Issues in Interdisciplinarity 2019-20/Power in Voluntourism

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Voluntourism refers to international volunteers "seeking a tourist trip that is mutually beneficial, that will contribute not only to their personal development but also positively and directly to the social, natural and/or economic environment.[1]" Initially started by Volunteer Service Overseas (VSO) in 1958 and the US Peace Corps in 1961[2], voluntourism aimed to curb mass tourism. However, despite initial altruistic intentions of sustainable and alternative tourism[2], the industry has grown exponentially with 1.6 million voluntourists travelling per year[3].

Power can be defined as possession of control, authority, or influence over others[4]. Power arises as an intrinsically interdisciplinary issue when considering frictions between mono-disciplinary approaches and the interrelations between different disciplines. We have isolated two conventionally contrasting disciplines, history and engineering, to illustrate how power continues to shape the academy and its attitudes when addressing problems in voluntourism.

Disciplinary viewpoints[edit]

History: voluntourism bordering on neo-colonialism[edit]

History is intrinsically bias due to the power of the writer, in the case of colonialism: white Western men. Postcolonial theory claims that “discourse is socially constructed.[5]” Colonialism is justified as the Western need to 'develop' the Global South. Postcolonial theory argues that colonisation has affected West-South relationships in the long-term. Historically, academia has failed to exhibit complexities in the power within the relationship between the “coloniser and colonised.[6]” This highlights modern inequalities within voluntourism, with even VSO condemning it as a “a new form of colonialism.[7]” The ‘white saviour’ concept encompasses the superiority of western countries executing western ideas of development. Despite shifts in vocabulary from 'civilising' a country, to ‘developing', to 'saving' the environment and the local population, the outcome is the same[8]: western countries retain control over resources and the population. Power inequalities are sustained through modern media coverage of the Global South: Kolkata is reduced by the media to “a city on the verge of collapse[9]” despite it also being one of the richest cities in India[10]. Focusing on poverty induces a West-South power hierarchy through the power of Western media, subsequently legitimising the need to help which attracts Western volunteers.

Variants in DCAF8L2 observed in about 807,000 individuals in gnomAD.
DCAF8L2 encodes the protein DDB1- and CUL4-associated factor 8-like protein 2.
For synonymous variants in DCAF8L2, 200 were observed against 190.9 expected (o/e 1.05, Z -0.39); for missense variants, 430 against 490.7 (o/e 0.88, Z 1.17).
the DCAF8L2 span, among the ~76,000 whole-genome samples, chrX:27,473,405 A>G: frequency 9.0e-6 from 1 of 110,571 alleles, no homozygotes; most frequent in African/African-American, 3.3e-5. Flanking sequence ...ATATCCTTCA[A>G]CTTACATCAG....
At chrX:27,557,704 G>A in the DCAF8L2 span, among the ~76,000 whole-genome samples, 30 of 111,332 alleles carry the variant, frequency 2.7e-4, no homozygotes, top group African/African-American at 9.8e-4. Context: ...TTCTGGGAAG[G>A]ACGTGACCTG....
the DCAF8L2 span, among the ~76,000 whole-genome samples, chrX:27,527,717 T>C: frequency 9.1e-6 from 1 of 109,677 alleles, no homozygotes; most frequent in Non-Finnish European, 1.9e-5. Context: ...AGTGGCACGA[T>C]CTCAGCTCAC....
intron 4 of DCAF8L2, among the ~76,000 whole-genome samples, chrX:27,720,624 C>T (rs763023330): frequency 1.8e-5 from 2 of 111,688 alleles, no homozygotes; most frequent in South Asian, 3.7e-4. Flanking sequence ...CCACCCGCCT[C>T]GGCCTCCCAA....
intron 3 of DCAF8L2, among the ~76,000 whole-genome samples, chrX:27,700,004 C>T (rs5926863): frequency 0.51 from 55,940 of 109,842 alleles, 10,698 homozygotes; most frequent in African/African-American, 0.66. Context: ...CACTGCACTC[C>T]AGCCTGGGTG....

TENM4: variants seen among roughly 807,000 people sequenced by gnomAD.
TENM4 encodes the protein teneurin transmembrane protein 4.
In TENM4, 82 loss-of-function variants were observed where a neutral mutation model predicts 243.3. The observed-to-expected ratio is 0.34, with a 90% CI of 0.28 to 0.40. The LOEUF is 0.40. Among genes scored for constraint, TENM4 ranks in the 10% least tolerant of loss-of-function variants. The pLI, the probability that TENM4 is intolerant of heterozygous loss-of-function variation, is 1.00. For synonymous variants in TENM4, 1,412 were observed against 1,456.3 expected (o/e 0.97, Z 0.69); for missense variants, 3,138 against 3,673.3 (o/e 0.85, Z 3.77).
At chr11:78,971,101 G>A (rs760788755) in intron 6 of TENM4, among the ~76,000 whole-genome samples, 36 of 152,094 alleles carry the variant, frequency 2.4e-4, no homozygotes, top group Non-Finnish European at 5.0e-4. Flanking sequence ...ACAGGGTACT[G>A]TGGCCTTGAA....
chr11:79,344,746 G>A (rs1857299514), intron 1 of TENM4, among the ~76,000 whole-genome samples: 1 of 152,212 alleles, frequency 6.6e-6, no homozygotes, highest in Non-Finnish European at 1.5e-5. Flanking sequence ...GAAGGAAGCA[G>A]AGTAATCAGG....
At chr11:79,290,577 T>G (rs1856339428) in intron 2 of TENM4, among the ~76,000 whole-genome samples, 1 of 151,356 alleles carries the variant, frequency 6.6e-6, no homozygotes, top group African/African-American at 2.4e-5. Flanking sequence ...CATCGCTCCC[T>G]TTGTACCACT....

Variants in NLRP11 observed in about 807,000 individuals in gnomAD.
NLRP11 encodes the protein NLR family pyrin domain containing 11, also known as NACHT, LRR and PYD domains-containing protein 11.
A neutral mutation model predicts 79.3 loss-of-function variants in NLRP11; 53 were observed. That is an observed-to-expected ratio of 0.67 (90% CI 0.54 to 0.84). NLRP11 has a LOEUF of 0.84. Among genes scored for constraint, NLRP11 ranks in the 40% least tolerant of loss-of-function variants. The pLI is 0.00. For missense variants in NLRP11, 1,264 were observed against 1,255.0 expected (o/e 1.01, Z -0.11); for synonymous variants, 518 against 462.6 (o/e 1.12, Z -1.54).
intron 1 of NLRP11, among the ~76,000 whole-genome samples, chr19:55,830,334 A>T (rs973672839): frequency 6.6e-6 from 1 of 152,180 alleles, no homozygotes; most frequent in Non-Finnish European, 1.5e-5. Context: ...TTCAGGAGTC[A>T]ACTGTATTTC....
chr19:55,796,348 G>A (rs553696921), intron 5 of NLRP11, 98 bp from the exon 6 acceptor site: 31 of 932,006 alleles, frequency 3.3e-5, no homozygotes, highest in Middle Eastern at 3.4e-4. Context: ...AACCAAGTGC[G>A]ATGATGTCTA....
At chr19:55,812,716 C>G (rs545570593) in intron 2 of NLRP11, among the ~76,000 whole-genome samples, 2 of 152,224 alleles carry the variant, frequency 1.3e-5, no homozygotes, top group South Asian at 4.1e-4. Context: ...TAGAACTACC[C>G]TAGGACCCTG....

Postcolonial theory aims to give voice to the subaltern[11]. However, we still lack the viewpoint of hosts in academia: is postcolonial theory rewriting history from another viewpoint and stealing once more the voice of the subalterns? The power hierarchy within the discipline of history remains as long as a biased elite are writing the history.

Engineering: Western vs Local approaches to construction[edit]

The role of engineers is to install systems to provide food, water and shelter as well as transport and waste disposal strategies in ever-changing environments [12]. Power is an issue within the discipline due to conflicting cultural attitudes towards building infrastructures for communities, which can be demonstrated through voluntourism.

The engagement of untrained volunteers in construction projects raises concerns over the quality of project outcomes. Manager Frederikke Lindholm of the Vietnamese NGO The Shelter Collection, shares “I know of school trips where local builders were working during the night to straighten the walls of a house built by foreign student volunteers the previous day[13].” The majority of volunteers have no prior construction training when enrolling on international building projects, but pay large amounts of money to charities to partake as an experience[14], despite data showing that employing local workers would be more efficient[15]. Voluntourist engagement exhibits issues of power by assuming Western engineering is superior to locally trained knowledge.